I am trying to force a friendship on my son…it’s with a stuffed dog. It is probably the first of many relationships I will convince my kid to tolerate. In this case, it’s totally self-serving: I want him to love the dog more than me.
Let me explain: at nighttime, my baby prefers to be nursed/held/rocked until he falls asleep. Then he is whisked to the crib where he is blissfully ignorant of ever leaving my aching arms. The problem is that he lacks the skill to really fall asleep on his own. If placed in his crib awake, 9 times out of 10 he explodes in mind-blowing weeps and wails, as if he were like the abandoned baby Moses floating down the river. Occasionally, I can distract him with his musical sea horse with the light up belly (followed by me tiptoeing out the door)…but even the sea horse has grown stale. The doctor hinted that nursing him to sleep wasn’t a long term solution (what, I’m not going to nurse him until he’s 18?). The yoga ball Josh insisted on bouncing on (while holding all 20 pounds of our baby hulk) has been banished upstairs. And, well, the kid is nine months old now. We can see toddler-hood in the distance…and it’s a bleak world if our boy can’t fall asleep on his own. Right?
When he does finally sleep, I catch my baby snoozing in a face down ball with his bum in the air. I marvel at this. Many, many times, we lay him flat on his back as a newborn and he would rage. Sure, we were avoiding a SIDS tragedy every time we insisted he lie this way, but now I realize how badly he just wanted to sleep on his tummy. I look over at my husband in the middle of the night, and there he is, crashed out on his stomach, fast asleep. For 11 years I’ve been sleeping next to the same man, and the majority of his sleep time has been sans pillows, face down, with a look of pure contentment. He is sleep gifted in that he can nod off anywhere and at any given time–on the couch, or camping, or in a dark movie theater… Before my baby was born, I prayed he would be like his Dad. And he is like his Dad in that he prefers to sleep on his stomach. Otherwise, he appears to be just like me.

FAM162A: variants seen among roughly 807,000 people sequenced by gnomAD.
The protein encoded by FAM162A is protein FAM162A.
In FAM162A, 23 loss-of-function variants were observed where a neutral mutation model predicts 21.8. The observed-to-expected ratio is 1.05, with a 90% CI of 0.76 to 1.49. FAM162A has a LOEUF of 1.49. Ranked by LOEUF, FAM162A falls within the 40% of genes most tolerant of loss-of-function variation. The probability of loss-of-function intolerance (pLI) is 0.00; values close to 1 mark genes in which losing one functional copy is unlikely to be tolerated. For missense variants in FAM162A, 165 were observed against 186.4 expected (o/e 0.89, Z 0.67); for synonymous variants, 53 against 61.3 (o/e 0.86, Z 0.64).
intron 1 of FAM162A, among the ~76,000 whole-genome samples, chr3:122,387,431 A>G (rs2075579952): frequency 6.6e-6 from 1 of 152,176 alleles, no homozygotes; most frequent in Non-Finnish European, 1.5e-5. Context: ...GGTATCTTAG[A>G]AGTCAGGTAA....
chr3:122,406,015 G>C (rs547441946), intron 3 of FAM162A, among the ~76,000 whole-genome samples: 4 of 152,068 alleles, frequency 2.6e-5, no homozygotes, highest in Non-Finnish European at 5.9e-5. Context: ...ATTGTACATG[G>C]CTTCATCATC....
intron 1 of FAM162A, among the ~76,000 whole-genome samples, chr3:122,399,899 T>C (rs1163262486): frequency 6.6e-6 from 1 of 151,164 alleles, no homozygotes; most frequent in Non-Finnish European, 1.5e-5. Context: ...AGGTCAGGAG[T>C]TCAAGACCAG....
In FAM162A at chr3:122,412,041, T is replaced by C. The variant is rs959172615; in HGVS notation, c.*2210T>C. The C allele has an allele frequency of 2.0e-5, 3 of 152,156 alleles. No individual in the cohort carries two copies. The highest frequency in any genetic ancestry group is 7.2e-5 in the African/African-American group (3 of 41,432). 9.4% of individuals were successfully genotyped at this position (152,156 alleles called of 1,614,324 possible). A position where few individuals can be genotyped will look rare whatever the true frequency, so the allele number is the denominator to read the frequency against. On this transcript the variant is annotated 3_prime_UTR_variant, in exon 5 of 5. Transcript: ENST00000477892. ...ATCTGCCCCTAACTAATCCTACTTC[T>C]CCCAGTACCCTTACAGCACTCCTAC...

Sleep has never been my strong suit. As an adult, I toss and turn and kick off covers and worry into the wee hours. As a child, I was merciless in my insomnia–so much so that I ended up at a child psychologist when I was 11. I had spent the entire summer prior to 6th grade sleepless and anxious. I held some sort of neurotic vigil night after night: I would lie in the dark, awake, worrying that the house would be set on fire, or that my Dad would die, or maybe I might contract AIDS (the HIV virus had just hit the news as a mysterious, unknown, killer and I had no idea how one really contracted it; I think I thought it was airborne). The therapist thoughtfully suggested I have my own room–I was still sharing a bunk bed with my brother. This advice was profound and effective. I remember picking out a pink paint sample, proudly anticipating the shining color of my new room. I entered 7th grade with a new bedroom fit for homework, fashion, and yes, sleep.
In 9th grade, my Health class required we write the number of hours of sleep we received the night before in the top right hand corner of our paper. This was in addition to the name and date; a typical heading would look like this:
November 6, 1992